Trends in Dutch Public M&A 2022
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News: 09 February 2024
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The deal environment in the near future is likely to be challenging but we also see a substantial number of drivers for public takeovers such as strategic combinations when consolidation makes sense or is inevitable, delistings when a listing is at a material disadvantage and reduced share price levels.
Our latest report offers insight into the key trends in the Dutch public M&A market from July 2021 until September 2022 based on our continued involvement on over 75% of public offers for Euronext Amsterdam listed companies since 2015. Our previous report covers the 2020 – H1 2021 Public M&A market in the Netherlands and can be found here.
Key trends in this period
1. Expanding transaction structuring toolkit
Half of the deals were structured as a ‘classic’ voluntary public offer, while the other transactions were tailored to the specific context: (i) a block trade between 77% shareholder HAL and EssilorLuxottica followed by a mandatory public offer by EssilorLuxottica for the remaining shares in GrandVision, (ii) a block trade agreement between 75% shareholder Ralph Sonnenberg and 3G Capital followed by a squeeze-out procedure under Curacao law, and (iii) most recently, a merger of equals between DSM and Firmenich.
2. On deal shareholder activism
The public offers on Boskalis, Hunter Douglas and Accell Group show that unsatisfied shareholders agitating for a price increase has become an established feature of the market, certainly on transactions involving a controlling shareholder. This also had an impact on the acceptances during the initial offer period, which for the Accell Group offer came in just under the (reduced) minimum acceptance threshold. Similar dynamics were present in the Boskalis transaction where acceptances only reached the 80% threshold after a price increase. However, after the post-acceptance periods both bids ended up above the 95% statutory squeeze-out acceptance threshold.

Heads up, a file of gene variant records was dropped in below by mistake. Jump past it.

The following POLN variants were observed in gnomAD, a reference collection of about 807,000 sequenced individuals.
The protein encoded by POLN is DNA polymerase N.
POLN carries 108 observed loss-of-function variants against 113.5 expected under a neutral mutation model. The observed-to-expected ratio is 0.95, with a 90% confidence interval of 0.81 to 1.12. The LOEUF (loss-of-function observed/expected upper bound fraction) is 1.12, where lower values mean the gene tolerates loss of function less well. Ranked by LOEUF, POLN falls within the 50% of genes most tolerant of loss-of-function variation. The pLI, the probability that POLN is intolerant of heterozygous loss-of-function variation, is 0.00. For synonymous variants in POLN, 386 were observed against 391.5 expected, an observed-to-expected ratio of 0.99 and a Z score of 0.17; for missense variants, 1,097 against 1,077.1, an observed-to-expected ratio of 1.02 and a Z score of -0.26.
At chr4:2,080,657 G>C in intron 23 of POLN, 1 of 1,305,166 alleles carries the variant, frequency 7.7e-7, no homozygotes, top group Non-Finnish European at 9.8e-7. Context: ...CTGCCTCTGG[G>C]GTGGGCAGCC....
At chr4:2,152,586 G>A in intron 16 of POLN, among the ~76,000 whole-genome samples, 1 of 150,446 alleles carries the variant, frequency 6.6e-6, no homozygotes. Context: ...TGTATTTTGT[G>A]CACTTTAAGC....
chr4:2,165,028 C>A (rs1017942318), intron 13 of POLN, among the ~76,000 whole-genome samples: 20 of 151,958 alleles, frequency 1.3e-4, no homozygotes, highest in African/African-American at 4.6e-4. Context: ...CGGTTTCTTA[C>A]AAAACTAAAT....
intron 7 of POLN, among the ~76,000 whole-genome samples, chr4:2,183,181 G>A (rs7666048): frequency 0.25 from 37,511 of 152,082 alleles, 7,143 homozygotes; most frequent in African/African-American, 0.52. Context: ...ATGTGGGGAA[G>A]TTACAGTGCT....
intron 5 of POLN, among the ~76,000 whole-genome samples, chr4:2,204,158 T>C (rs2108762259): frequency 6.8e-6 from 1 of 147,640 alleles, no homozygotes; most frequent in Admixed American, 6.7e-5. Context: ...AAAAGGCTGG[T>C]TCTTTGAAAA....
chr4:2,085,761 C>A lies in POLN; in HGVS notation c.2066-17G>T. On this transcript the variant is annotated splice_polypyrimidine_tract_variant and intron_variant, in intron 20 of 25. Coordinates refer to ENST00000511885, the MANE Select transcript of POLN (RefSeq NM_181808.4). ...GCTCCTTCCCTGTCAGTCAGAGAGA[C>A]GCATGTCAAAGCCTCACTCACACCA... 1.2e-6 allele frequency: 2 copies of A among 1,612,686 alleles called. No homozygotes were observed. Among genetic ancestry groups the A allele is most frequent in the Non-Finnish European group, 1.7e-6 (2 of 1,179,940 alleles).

In addition, shareholders were vocal about the deal structure of transactions. In the public offer on Accell Group by the consortium consisting of PE fund KKR and long-term Accell Group shareholder Teslin, Moneta Asset Management and ASR challenged, among other things, the pre-wired back-end structure and the bidder’s consortium structure
3. Private debt funds are alternative source of P2P debt funding
As for the private M&A debt markets across Western Europe, private debt funds are providing financing for sponsor-backed P2Ps. Today’s limited liquidity in the European syndicated and high yield bond markets encourage the tendency towards a debt fund solution. However, irrespective of the nature of the lender, we do see a more critical attitude of lenders in the Netherlands and surrounding jurisdictions towards new credits generally, (target) assets being scrutinised at a greater level of detail (e.g. recurring business) and more emphasis on documentation, structuring and security. What hasn’t changed is that, irrespective of the nature of the lender group, debt financing on a certain funds basis remains key. This includes no market MAC, tight restrictions on transfers pre-completion and generally speaking very limited conditionality (such as for the Netherlands) or no conditionality at all depending on the local bid rules.
4. Increased focus on strategic rationale
We noticed an increased focus on strategy and the strategic rationale in friendly transactions. The strategic rationale of the transaction, related non-financial covenants and stakeholder commitments are one of the key topics from the outset of negotiations. Secondly, in the first response assessment of (unsolicited) proposals, the boards will typically first assess whether the proposal brings material added value to the existing strategy and direction of travel. If there is no such added value, the boards may “say no”, as KPN did in 2021 in relation to proposals by two PE bidders. In this regard, we have seen an increase in the preparedness by Dutch listed entities and also protection foundations. In these preparations, in addition to typical preparatory measures like organising dry-runs, Dutch listed companies increasingly perform deep-dives on the existing strategy and alternatives thereto to have a benchmark available once a proposal is received.
5. Pre-wired back-end structures remain market practice
Pre-wired back-end structures to allow the bidder to acquire 100% of the target shares if the 95% statutory squeeze-out threshold is not met (90% under Curaçao law), remain market practice and were agreed in four out of six transactions during the review period: three mergers and one asset sale structure, noting that in the other two transactions (Hunter Douglas and GrandVision), no need for a pre-wired back-end structure existed.